As the embryo develops, the pluripotent stem cells will turn into multipotent stem cells. Multipotent stem cells are only capable of differentiating into certain types of specialised cells. Some multipotent stem cells are limited to differentiating into related types of cells. For example, a blood stem cell (called a hematopoietic stem cell) can only differentiate into a white blood cell, red blood cell, or platelets.
The types of cells that stem cell can turn into is often dictated by where in the body the stem cell is located. Some stem cell cells have the opportunity to change into vastly different cells, depending on where they travel to.
Cord blood stem cells
After the baby is born, some stem cells are left in the umbilical cord and placenta. These stem cells can be safely extracted for medicinal use. They include hematopoietic stem cells and other multipotent stem cells, along with some very powerful growth factors. Umbilical cord blood stem cells are the focus of much research because they are easily obtained and have a lower risk of rejection when used in a stem cell transplant.
Learn more about cord blood stem cells:
Potential Treatment of Autism in Children Using Cord Blood Stem Cells
Cord Blood Stem Cells Therapy: The Past, Present, and Future
The Benefits of Saving Umbilical Cord Blood Stem Cells
The Remarkable Qualities of Umbilical Cord Blood Stem Cells
Adult stem cells
Adult stem cells are also called somatic stem cells or progenitor cells. They are located throughout the body in small quantities. In most cases, they will generate cells appropriate for their location. So, stem cells located near the heart will differentiate into heart cells. If those stem cells were removed from near the heart and placed elsewhere, they might create a different kind of cell.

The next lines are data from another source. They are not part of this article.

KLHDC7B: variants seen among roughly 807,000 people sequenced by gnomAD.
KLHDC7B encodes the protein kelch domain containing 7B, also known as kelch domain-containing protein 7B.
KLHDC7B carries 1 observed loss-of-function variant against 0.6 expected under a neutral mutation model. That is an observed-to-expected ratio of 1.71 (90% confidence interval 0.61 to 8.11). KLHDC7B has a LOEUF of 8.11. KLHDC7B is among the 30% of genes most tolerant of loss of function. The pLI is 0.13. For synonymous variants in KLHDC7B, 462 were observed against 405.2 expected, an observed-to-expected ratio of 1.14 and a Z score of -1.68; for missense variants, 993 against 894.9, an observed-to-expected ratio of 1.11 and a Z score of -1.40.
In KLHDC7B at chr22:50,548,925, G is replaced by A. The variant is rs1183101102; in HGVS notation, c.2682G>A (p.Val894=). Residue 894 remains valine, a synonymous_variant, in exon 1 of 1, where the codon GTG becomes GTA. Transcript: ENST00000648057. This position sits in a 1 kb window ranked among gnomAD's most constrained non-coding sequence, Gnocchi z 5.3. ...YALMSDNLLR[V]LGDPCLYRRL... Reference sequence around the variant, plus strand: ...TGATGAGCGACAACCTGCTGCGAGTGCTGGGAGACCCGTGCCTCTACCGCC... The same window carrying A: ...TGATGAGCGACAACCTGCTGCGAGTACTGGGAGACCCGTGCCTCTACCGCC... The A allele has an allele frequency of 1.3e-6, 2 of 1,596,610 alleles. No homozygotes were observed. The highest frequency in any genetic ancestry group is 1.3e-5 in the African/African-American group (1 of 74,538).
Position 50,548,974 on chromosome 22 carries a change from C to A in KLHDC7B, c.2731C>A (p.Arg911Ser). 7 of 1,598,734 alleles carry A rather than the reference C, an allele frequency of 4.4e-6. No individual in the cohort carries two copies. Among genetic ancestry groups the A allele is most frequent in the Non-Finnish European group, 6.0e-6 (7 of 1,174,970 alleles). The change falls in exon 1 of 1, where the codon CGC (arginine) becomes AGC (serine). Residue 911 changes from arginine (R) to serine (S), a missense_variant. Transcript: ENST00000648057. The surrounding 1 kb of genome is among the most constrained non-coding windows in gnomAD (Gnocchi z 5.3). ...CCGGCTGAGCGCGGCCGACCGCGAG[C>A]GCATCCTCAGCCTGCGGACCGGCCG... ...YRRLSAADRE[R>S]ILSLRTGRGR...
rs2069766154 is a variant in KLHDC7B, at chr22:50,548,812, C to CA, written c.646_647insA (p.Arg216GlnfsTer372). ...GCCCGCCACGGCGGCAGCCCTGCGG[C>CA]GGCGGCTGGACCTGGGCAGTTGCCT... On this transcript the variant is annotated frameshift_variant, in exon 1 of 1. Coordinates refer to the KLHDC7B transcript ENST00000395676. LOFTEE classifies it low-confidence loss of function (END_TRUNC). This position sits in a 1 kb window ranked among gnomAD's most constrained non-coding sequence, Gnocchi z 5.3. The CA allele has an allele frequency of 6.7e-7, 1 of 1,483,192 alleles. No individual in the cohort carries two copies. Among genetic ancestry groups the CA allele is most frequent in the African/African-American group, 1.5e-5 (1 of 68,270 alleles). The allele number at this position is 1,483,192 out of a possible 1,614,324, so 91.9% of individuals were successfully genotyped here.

Induced pluripotent stem cells (iPSCs)
In 2006, a team of Japanese researchers led by Shinya Yamanaka created Induced pluripotent stem cells. These cells can be created adult somatic cells including skin cells and blood cells using genetic reprogramming. This technique has allowed researchers to create the powerful form of stem cell and has led to numerous research breakthroughs.
What are the potential uses of stem cells?
Researchers have discovered hundreds of potential uses for stem cells, many of which have already led to the development of successful treatments. There are already more than 70 different treatments already available which use hematopoietic stem cells (blood-forming stem cells). This includes treatments for various forms of cancer, blood disorders, metabolic disorders, and immune system disorders.
There are many new stem cell therapies currently in development which may lead to treatments for:
- Heart disease
- Parkinson’s disease
- Type 1 diabetes
- Alzheimer’s disease
- Spinal cord injury
- Liver disease
- Macular degeneration
- Multiple sclerosis
Many of these potential treatments use stem cell transplants or techniques that encourage stem cells to become more active. Once the procedure is performed, the stem cells will begin to regenerate the affected tissue by creating new specialised cells.
Stem cells have also proven to be useful for drug testing, as researchers can create organs in vitro, then test how new drugs affect them. They can also personalised drugs which are designed to be compatible with a person’s genetics or immune system.